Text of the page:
For the second year in a row, the Public Company Accounting Oversight Board (PCAOB) is finding more public company audits with deficiencies in the inspections of 157 audit firms in 2022, according to a staff report released Tuesday.
PCAOB staff expects 40% of the 710 audits reviewed will have one or more deficiencies included in “Part I.A” of an individual audit firm’s inspection report, up from 34% in 2021 and 29% in 2020. Part I.A deficiencies are significant in that the PCAOB believes the auditor did not obtain sufficient audit evidence to support its opinion on the financial statements or the internal controls over financial reporting (ICFR).
PCAOB Chair Erica Y. Williams called the level of deficiencies “absolutely unacceptable” and said the PCAOB would continue to bring strong enforcement actions. She also asked audit committees “to hold firms accountable by posing tough questions to their auditors on behalf of investors.”
Many of the deficiencies described in the report relate to insufficient testing of estimates or the data and reports used to support audit conclusions, the PCAOB said. Other observed deficiencies relate to “auditors’ testing of controls that include a review element,” specifically insufficient testing of whether ICFRs were precise enough to prevent or detect material misstatements.
The PCAOB also expects 46% of the audits reviewed will have “Part I.B” deficiencies, those involving noncompliance with standards or rules not related to the evidence to support an audit opinion. That percentage is up from 40% in 2021 and 26% in 2020. Many of those flaws were related to auditors’ communications with audit committees. (See chart.)
Outside of ICFR, the PCAOB report detailed areas of the financial statement where deficiencies have recurred over the past three years. These deficiencies appear in the initial communication with the audit firm during a PCAOB inspection.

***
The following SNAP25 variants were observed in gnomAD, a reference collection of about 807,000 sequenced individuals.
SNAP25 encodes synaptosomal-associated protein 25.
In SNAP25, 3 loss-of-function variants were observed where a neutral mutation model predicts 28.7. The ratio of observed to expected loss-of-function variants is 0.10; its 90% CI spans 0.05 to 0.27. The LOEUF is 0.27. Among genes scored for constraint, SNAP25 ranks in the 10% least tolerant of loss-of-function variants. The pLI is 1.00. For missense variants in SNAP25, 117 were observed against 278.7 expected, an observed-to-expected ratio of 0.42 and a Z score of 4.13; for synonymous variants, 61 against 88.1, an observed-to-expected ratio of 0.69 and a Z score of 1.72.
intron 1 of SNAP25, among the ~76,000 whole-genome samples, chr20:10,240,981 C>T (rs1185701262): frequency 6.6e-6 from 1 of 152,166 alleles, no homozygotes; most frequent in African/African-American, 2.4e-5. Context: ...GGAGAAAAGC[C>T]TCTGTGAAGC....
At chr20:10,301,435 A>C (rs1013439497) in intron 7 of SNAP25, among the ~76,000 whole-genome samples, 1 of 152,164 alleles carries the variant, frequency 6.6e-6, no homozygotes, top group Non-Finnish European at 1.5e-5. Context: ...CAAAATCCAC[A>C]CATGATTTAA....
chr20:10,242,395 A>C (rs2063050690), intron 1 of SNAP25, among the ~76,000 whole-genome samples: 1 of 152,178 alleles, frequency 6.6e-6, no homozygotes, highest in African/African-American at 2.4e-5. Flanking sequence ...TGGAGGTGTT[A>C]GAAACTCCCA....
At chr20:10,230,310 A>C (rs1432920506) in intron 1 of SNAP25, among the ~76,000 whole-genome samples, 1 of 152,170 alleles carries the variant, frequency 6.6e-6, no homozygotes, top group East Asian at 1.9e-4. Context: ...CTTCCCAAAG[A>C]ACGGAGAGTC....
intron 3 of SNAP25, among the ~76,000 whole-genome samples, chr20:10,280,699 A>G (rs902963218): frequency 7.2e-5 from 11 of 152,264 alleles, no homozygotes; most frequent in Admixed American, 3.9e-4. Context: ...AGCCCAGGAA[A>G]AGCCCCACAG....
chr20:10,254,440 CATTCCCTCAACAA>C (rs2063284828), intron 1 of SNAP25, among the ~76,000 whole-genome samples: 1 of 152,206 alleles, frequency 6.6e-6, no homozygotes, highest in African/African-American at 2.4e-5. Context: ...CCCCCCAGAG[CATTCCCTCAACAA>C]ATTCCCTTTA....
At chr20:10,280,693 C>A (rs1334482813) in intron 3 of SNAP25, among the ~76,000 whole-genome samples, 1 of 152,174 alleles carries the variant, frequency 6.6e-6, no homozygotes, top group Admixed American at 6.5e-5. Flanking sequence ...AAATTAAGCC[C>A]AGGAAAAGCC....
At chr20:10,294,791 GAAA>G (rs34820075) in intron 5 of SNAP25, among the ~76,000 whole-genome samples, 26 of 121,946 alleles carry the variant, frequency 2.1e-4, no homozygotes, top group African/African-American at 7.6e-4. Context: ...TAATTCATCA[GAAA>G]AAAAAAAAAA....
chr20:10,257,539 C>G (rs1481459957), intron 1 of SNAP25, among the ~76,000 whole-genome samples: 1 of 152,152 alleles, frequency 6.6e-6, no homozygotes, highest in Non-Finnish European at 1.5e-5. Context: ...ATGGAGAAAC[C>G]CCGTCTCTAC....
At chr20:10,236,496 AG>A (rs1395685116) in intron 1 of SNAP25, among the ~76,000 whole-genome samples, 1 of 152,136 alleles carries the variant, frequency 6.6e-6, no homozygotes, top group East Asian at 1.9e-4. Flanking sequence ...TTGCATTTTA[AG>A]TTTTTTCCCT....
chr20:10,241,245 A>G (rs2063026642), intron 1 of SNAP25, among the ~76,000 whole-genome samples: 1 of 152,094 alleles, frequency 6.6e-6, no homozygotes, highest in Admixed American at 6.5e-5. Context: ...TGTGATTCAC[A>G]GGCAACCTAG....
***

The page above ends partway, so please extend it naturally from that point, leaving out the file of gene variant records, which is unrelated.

“Revenue and related accounts” was in part most common because it is a frequently selected focus area by the PCAOB. But audit firms are also failing in basic audit procedures related to revenue, such as sampling of transactions, the PCAOB said.
In light of the increased PCAOB inspection findings, PCAOB recommended some questions that audit committees should be asking their independent auditors, including:
- Has the engagement partner been inspected on other engagements? If so, what were the results of that inspection?
- What is the audit firm doing to address overall increased inspection findings?
- Are there any audit procedures that are unnecessarily complicated or not “straightforward” because management is not providing clear, supportable information?
“Ultimately, the responsibility falls on auditors to correct the problems that led to deficiencies in their audits,” Williams said in a statement on the PCAOB’s website. “But accountability from their clients offers a powerful incentive to find solutions.”
In the “good practices” recommendations section of the report, the PCAOB said higher-quality audit work was associated with risk assessment procedures, including “clear, concise, and understandable documentation linking risks identified and the audit response.”
As to which audit firms were most frequently guilty of deficiencies, the PCAOB said the most significant increase in 2022 was observed within global network firms (GNF), defined as firms based in the United States and members of their global network affiliations.